Millions rally across the globe for decent work

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More than two million people have been galvanised by a global day of action to demand decent jobs, decent working conditions and full respect for workers’ rights.

The fifth annual World Day for Decent Work on 7 October saw workers hold protests, rallies and events in more than 100 countries, but as this year’s day fell on a Sunday, events will continue throughout the month.

This year shone the spotlight on youth unemployment. With some countries seeing as many as 60 percent of their young people without work, ITUC General-Secretary Sharan Burrow described the situation as a ‘social and economic time-bomb’.

“This crisis, and the inability or unwillingness of governments to restore jobs and growth, is having a particularly brutal impact on young people,” she said.

 “Official figures show that 75 million young people are without jobs across the world, many millions more are trapped in informal or precarious work, and tens of millions of new job seekers have no prospect of finding work, or education and training to equip them for work in the future.”

Aside from youth unemployment, the event also included a number of groundbreaking actions. In Haiti, over 5000 union members rallied together in a historical event in the capital Port-au-Prince and today, Burrows and Burmese trade union leader Maung Maung, recently returned from 24 years exile in Thailand, will host Burma’s first-ever World Day for Decent Work.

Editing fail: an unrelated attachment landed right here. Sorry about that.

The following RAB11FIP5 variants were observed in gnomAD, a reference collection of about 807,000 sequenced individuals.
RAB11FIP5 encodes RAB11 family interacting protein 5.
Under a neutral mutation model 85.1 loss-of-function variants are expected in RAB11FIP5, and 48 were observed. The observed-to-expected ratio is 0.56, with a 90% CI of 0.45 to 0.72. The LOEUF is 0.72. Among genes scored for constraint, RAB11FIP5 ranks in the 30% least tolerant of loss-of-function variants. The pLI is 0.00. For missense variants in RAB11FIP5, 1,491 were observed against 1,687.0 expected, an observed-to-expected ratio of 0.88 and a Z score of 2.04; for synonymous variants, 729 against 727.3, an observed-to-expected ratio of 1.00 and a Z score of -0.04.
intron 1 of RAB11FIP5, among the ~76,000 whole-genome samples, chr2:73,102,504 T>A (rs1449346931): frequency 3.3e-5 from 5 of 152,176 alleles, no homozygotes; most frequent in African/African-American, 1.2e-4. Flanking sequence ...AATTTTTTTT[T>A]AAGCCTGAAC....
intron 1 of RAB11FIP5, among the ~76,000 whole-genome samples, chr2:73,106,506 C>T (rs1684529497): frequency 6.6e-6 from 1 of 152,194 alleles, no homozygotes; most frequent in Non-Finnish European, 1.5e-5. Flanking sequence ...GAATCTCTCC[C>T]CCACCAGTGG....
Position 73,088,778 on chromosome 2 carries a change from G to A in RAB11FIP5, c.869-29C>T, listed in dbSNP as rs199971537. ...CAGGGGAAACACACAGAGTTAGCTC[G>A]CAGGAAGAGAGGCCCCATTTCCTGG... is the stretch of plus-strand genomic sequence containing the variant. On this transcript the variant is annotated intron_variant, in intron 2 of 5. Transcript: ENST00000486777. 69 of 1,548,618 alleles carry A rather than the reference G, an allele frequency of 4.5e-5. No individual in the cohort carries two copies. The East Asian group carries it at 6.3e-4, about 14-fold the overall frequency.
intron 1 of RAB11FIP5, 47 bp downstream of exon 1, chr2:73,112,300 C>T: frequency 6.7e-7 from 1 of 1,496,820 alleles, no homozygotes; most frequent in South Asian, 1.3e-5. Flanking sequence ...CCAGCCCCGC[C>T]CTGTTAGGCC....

The proliferation of precarious work was also a major focus, with a new report highlighting the effects of the expansion of agency work published to coincide with the ITUC’s day of action.

The Triangular Trap reveals that insecure work has increased exponentially in the wake of the global financial crisis, undermining not only workers’ pay but also their working conditions and their rights.

 The report, completed by IndustriALL Global Union – an international organisation founded in June and made up of unions representing 50 million workers in 140 countries across the manufacturing, mining and energy sectors – reveals that between 1996 and 2009 the number of agency and contract has doubled.

According to the International Confederation of Private Employment Agencies, in the same time period, the global revenues of businesses in the sector also increased from €83 billion in 1996 to €203 billion in 2009.

“Employment via agencies, labour brokers, dispatchers and contractors is being used to wholesale replace permanent, direct employment. Its use goes way beyond any legitimate need to fill genuinely temporary vacancies,” said Jyrki Raina, General Secretary of IndustriALL Global Union.